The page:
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Today:. Star sizes HR diagrams More info from spectra Mass: Mass and luminosity How do we measure mass? Binary stars. Stars come in various sizes. Let’s do a few calculations to get a feel for the range of stellar sizes:. Finding key properties of a nearby star.

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today
Today:
  • Star sizes
  • HR diagrams
  • More info from spectra
  • Mass:
    • Mass and luminosity
    • How do we measure mass?
  • Binary stars
stars come in various sizes
Stars come in various sizes

Let’s do a few calculations to get a feel for the range of stellar sizes:

understanding stellar data
Understanding stellar data
  • We have a huge pile of data about the stars. What do we need to do to understand it?
    • Make a graph!
  • What should we graph?
    • Two quantities differ substantially from star to star: temperature and luminosity.
  • If we make a graph relating these two quantities we can understand the relationship between L and T. As a bonus we also create a plot that helps us understand how stars form, evolve and die.
    • This is a really important graph, perhaps the most important in all astronomy!
hertzsprung russell diagrams
Hertzsprung-Russell diagrams
  • 1911: Ejnar Hertzsprung made a plot of absolute magnitude (luminosity) as a function of color (temperature).
  • 1913: Henry Norris Russell made a similar plot but used spectral class instead of color.
  • This plot is called a Hertzsprung-Russell or HR diagram.
more information in spectra
More information in spectra
  • Surface temperature largely determines which lines are prominent in a star’s spectrum.
    • Classifying stars by spectral type is equivalent to categorizing them by surface temperature.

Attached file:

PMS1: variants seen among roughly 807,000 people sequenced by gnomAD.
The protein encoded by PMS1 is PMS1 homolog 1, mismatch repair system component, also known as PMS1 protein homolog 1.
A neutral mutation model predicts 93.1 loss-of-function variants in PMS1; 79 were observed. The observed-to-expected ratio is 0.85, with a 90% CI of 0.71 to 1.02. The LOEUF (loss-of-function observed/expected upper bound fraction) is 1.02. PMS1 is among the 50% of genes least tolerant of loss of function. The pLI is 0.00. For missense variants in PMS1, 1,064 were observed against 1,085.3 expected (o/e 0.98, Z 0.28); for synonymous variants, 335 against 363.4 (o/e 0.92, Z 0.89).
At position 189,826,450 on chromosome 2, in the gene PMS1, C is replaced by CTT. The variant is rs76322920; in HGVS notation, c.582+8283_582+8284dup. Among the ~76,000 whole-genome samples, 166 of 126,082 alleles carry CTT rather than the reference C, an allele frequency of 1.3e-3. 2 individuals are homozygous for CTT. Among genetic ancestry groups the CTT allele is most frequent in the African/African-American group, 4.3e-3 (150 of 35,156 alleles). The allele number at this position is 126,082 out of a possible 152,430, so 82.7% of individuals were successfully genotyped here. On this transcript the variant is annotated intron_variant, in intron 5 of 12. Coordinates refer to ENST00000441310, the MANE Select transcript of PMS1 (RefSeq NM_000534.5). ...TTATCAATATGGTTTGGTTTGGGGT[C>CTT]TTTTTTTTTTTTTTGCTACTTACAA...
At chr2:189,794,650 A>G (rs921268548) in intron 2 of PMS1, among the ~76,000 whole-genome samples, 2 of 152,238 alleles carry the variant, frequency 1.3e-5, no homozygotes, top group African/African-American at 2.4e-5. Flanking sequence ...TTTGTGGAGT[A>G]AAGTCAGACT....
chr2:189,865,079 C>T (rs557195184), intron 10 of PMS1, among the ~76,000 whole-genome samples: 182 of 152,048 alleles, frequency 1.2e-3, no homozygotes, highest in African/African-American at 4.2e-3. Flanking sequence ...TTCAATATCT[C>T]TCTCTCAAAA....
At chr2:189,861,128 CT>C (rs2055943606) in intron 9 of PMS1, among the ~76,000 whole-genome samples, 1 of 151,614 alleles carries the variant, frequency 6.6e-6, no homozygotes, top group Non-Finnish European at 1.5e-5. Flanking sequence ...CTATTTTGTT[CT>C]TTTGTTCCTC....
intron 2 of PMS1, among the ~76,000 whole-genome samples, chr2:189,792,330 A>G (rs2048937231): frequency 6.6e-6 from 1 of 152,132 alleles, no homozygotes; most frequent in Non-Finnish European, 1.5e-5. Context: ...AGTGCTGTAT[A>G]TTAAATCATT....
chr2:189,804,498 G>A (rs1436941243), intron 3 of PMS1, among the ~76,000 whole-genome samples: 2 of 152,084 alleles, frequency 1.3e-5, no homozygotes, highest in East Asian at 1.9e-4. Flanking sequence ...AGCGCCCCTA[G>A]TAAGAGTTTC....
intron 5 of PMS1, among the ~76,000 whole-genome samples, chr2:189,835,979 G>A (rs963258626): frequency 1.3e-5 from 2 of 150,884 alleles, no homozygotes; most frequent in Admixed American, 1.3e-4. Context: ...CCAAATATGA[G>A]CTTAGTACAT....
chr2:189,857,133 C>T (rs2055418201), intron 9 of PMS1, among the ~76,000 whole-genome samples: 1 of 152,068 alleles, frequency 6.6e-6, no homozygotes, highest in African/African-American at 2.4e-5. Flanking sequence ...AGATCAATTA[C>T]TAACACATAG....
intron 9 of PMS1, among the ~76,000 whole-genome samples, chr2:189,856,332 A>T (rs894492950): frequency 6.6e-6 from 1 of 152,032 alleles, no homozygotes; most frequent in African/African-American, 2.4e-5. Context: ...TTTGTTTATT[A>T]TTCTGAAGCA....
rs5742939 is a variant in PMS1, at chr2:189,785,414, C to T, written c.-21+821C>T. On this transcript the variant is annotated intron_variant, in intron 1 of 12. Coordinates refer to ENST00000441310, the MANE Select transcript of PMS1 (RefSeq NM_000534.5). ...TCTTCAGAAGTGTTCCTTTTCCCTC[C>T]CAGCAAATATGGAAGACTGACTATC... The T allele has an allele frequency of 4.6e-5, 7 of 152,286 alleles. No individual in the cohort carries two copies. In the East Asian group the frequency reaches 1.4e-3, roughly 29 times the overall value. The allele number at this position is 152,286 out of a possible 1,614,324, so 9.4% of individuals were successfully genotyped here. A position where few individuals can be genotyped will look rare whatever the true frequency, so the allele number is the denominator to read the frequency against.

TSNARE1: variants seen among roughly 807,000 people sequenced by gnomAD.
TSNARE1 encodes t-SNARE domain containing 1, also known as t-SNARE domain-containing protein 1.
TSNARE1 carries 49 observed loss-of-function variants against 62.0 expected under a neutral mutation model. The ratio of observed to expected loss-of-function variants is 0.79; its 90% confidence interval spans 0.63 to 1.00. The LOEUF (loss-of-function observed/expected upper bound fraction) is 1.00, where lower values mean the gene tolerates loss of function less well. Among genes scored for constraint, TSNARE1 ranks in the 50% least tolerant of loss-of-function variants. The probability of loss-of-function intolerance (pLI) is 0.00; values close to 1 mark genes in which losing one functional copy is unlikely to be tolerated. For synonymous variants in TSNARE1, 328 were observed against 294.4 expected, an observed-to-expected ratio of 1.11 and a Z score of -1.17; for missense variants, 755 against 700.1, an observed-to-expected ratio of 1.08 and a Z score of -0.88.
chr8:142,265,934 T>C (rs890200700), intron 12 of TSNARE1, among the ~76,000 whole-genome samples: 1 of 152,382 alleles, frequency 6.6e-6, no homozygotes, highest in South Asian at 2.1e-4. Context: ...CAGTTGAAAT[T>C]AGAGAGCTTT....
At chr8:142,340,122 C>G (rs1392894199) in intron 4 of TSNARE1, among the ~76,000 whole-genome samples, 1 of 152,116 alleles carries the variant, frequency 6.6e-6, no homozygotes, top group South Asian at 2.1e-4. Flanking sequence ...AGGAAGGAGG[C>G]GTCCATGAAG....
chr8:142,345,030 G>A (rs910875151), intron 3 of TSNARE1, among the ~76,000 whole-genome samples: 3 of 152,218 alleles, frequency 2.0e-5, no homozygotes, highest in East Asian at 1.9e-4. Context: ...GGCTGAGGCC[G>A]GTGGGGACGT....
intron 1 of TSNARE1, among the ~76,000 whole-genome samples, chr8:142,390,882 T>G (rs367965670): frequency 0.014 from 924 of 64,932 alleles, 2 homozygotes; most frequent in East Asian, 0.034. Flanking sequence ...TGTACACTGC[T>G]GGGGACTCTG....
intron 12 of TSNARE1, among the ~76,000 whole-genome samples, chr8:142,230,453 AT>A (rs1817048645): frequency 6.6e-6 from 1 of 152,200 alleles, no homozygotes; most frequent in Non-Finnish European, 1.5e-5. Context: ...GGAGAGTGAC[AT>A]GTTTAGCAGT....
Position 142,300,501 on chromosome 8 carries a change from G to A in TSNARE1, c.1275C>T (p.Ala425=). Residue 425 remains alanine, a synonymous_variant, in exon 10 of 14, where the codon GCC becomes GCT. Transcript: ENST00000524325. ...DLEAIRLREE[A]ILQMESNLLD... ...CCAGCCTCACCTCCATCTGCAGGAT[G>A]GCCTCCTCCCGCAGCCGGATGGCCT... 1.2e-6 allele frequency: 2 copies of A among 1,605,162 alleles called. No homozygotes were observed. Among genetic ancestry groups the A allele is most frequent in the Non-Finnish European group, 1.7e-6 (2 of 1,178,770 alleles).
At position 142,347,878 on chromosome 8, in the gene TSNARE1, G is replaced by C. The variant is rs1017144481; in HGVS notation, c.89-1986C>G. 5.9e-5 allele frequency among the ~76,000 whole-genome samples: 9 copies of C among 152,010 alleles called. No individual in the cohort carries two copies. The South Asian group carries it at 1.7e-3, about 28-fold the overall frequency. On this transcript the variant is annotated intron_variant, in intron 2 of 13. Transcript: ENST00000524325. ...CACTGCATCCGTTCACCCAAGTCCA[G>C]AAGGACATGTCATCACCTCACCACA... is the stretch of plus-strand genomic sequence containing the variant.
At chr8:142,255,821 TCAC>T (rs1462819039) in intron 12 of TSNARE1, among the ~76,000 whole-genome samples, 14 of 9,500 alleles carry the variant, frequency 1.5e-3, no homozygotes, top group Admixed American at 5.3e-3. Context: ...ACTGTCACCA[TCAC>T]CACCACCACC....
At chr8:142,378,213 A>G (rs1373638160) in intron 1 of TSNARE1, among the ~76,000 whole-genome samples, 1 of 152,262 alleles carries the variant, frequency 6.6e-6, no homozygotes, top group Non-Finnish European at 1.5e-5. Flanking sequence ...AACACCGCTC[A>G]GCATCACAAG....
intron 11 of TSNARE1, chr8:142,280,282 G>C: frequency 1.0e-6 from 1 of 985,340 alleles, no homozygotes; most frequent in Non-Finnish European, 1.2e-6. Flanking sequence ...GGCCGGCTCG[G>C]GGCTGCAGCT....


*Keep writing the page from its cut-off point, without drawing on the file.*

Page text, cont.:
• Problem: 5800K surface temperature can mean a star is a white dwarf, a main-sequence star, a giant or even a supergiant…
  • It turns out that details in the spectrum of a star help us solve this problem.
    • Can determine type of star.
    • Can even be used to determine distance to star.
size from spectra
Size from spectra
  • Balmer lines are narrow in large, luminous supergiants and broad in small, less luminous main-sequence star.
    • Due to pressure broadening.
    • Higher density (small stars)=broad lines.
    • Lower density (large stars)=narrow lines
spectroscopic parallax
Spectroscopic parallax
  • A star’s spectral type and luminosity combined with info on the HR diagram allow us to estimate a star’s distance from Earth.
    • Also need inverse-square law.
    • Accurate to about 10% since HR diagrams consist of broad bands instead of narrow lines.
  • Let’s look at an example:
stellar mass
Stellar mass
  • Answer lies in energy source for stars:
    • Greater mass means higher pressure and temperature at center of stars leading to more rapid fusion and a greater energy output.
    • To maintain hydrostatic and thermal equilibrium in a more massive star, the star must have a larger radius and higher surface temperature.
  • This is what we see in the HR diagram.
how do we measure mass
How do we measure mass?
  • About half of all visible stars are parts of multiple star systems.
    • Typically pairs called binary stars.
    • These stars are gravitationally bound so we can use physics to describe their motions.
determining stellar masses
Determining stellar masses

In principle, if we can determine a and P we can calculate M1+M2. We want M1 and M2 separately however. How do we find that?

determining stellar masses1
Determining stellar masses
  • Binary stars orbit the center of mass of the system.
    • Balance point of kids on seesaw. Its position depends on the relative masses of the kids.
  • Understanding size of orbits around center of mass gives us M1/M2.
    • This, combined with the sum of the masses (and a little algebra) allows us to calculate the individual masses.
  • We won’t do this in class today, but you can on the homework for some extra credit.